37% of Americans say their personal finances have gotten worse, according to the latest PBS Newshour/Marist Poll.
37% of Americans say their personal finances have gotten worse this year, according to the latest PBS Newshour/Marist Poll. That’s an 8-point jump since February. Twice as many people now say their economic situation has worsened as say it has improved.
Most blame the worst inflation the United States has seen in four decades. Consumer prices across the board rose 8.2% in September from a year earlier, according to September 2022 government data. Price increases in some areas were even steeper.
Many people say they feel as though something is missing in the U.S. economy, finding they’re paying more and getting less.
Almost everyone of those surveyed says they’re cutting back and staying in
Susan Morrison, who lives in Thousand Oaks, Calif., says she knew something was wrong when she bought a new tub of cottage cheese. “I had an old one in the refrigerator,” Morrison recalls. “I went to put the new one in and it was like, ‘Wait a minute. This is two-thirds of the size. There’s a third missing.’ “
For Morrison, the curdling of confidence goes beyond cottage cheese. She and her husband are both retired. They’ve watched a falling stock market erode their savings, while prices at the supermarket have jumped more than 13% in the last 12 months.
“We’re seniors. It’s not like we’re eating huge meals,” Morrison says. “But we have noticed that our grocery bill over just the last two years, we’ve watched it go up and up and up.”
Nearly three out of four people surveyed say they’ve cut back on spending in the last six months in response to economic conditions. More than a quarter say they’d had to rely on savings in order to make ends meet.
Morrison used to volunteer weekly at a senior center in Simi Valley, but now goes only every other week to save on gasoline. She and her husband have also cut back on travel.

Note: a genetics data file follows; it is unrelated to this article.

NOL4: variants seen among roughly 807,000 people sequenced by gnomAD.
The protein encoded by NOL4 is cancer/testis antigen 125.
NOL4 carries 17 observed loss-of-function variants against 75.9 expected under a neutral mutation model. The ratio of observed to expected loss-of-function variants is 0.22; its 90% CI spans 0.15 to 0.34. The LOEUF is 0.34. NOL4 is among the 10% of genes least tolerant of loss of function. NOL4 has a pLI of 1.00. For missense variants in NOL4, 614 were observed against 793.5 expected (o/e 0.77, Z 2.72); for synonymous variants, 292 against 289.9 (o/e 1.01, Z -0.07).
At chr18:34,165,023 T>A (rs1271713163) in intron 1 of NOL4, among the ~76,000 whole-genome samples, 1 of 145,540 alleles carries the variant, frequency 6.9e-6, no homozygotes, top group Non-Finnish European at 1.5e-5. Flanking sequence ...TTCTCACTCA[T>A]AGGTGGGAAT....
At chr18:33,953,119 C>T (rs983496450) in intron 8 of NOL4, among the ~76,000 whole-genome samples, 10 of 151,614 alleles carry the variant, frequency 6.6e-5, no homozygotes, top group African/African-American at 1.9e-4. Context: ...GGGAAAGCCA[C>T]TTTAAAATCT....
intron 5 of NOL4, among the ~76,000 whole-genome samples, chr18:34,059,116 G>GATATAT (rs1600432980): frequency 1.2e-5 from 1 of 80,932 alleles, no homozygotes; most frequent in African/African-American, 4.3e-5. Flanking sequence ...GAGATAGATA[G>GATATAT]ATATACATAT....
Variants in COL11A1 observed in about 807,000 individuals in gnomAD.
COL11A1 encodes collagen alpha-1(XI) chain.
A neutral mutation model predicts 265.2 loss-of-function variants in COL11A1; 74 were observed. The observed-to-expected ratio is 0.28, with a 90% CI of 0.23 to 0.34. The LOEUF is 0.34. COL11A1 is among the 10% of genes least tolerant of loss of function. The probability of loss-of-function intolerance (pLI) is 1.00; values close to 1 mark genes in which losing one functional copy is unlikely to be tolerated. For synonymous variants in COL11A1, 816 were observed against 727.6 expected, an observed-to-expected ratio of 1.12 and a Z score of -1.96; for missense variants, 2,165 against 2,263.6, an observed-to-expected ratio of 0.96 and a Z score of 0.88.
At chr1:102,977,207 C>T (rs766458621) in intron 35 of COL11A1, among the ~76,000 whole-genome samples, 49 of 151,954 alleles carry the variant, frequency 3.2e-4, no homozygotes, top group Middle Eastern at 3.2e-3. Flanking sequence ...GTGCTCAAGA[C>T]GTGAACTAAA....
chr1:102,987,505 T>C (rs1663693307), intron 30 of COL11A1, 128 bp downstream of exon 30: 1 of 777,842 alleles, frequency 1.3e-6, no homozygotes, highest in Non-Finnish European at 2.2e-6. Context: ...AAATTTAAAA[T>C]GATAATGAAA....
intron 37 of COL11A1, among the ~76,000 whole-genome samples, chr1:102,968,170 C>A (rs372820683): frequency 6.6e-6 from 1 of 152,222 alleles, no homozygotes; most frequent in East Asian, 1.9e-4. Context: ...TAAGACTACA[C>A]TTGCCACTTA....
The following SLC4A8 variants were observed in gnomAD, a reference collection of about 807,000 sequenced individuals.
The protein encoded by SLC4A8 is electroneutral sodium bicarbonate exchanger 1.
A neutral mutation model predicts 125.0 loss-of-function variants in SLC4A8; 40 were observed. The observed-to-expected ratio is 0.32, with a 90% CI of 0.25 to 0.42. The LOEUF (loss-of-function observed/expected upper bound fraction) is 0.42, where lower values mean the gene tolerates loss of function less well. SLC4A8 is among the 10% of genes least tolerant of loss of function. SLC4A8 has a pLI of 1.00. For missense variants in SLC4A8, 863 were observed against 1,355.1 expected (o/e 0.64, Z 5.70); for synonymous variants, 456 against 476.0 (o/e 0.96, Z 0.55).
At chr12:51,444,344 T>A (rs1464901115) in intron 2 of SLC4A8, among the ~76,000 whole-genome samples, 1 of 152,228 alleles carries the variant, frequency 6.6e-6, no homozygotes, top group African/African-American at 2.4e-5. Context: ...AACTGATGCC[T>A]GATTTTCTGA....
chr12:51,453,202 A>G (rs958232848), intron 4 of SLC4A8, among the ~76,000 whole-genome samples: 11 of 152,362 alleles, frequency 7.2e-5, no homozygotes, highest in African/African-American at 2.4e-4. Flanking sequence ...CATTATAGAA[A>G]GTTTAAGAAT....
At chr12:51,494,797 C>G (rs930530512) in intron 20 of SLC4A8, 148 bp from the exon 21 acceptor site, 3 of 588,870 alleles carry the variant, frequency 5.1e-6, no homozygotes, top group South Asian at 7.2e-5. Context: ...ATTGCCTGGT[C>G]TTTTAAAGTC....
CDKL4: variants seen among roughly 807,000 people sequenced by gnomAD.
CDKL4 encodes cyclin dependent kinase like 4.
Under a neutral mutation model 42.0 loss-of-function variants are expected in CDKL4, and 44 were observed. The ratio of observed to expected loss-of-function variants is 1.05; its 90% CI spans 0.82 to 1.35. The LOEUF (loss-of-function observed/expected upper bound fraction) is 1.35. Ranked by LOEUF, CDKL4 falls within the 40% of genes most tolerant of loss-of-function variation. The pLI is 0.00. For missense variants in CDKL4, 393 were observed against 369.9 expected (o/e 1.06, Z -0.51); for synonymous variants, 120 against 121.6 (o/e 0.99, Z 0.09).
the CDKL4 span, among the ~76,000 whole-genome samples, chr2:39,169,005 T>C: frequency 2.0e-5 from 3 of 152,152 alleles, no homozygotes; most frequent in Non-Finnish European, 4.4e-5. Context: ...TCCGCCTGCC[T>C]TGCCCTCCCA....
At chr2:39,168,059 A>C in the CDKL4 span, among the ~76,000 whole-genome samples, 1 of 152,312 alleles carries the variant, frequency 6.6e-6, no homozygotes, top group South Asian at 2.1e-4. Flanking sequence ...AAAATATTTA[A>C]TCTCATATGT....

“We love to vacation in our motor home,” Morrison says. “But we have not gone anywhere in our motor home at all this year because of the cost of diesel.”
Both diesel and gasoline prices have dropped, since hitting record highs in June. But fuel remains significantly more expensive than it was a year ago. The average price of diesel is higher than $5 a gallon.
More than half the people surveyed say they’re eating out less now than they were six months ago. Four in 10 say they’re driving less or carpooling in order to save on gas.
“I mean, when you try to buy a steak, for Chrissakes,” says Craig Barnes, an energy broker in Plano, Texas. “It has a big impact, especially in my business. When I’m taking people out and stuff like that, we’re not going to steakhouses any more. We’re dialing it back big time.”
Jim Justice, who works as a pizza delivery driver in suburban Atlanta, suffered a drop in income earlier this summer when gas prices soared. Although gas prices have since fallen, the delivery business hasn’t fully recovered. Fewer people are ordering pizza some nights. And even when it’s busy, tips are down.
“People are struggling. It’s kind of tragic,” Justice says. “Even on Fridays and Saturdays, I’ve been making only 75% of what I was a year ago.”
As a result, Justice has scaled back spending on favorite hobbies.
“A lot of my friends are either having to cut down on activities that they enjoy, ” Justice says, or “pick up more hours, or figure out second jobs.”
Skipping doctor visits and other signs of economic distress
Just over a third of those surveyed say they canceled or scaled back vacations over the last six months, while 18% say they skipped a doctor’s visit or a purchase of prescription drugs.
In general, families making less than $50,000 a year were more likely to say they’d cut spending than those with higher incomes.
Missing a rent or mortgage payment can be a sign of more serious economic distress. Less than 10% of those surveyed said they’d skipped or delayed such a payment in the last six months.
But missed housing payments were more than twice as common among families making less than $25,000 a year.
“I had to be late on rent this month, and probably going to have to figure something out for this coming payment as well,” says Connor Slaten, who works at a KFC in Kansas City, Mo.
Slaten was recently promoted to shift manager, and his wages climbed to $14 an hour. Still, he says, that’s not keeping pace with the rising cost of living.
“I don’t think there’s anywhere in America where $14 an hour can adequately pay for a one-bedroom apartment and everything else that you need,” he says.
Some of those surveyed are pessimistic that economic fortunes will improve any time soon.
And some are banking on growing sense of empowerment among workers.
“There’s more people quitting jobs that aren’t treating them well,” says Justice, the pizza delivery driver. “That gives me a lot of hope. Because if enough people quit jobs that aren’t treating them well, they’ll have to start treating people better and have to start paying people what they’re worth.”
Justice hopes to start a new job — working with a wilderness therapy program — this fall.
By Gilbert Castro | ENC News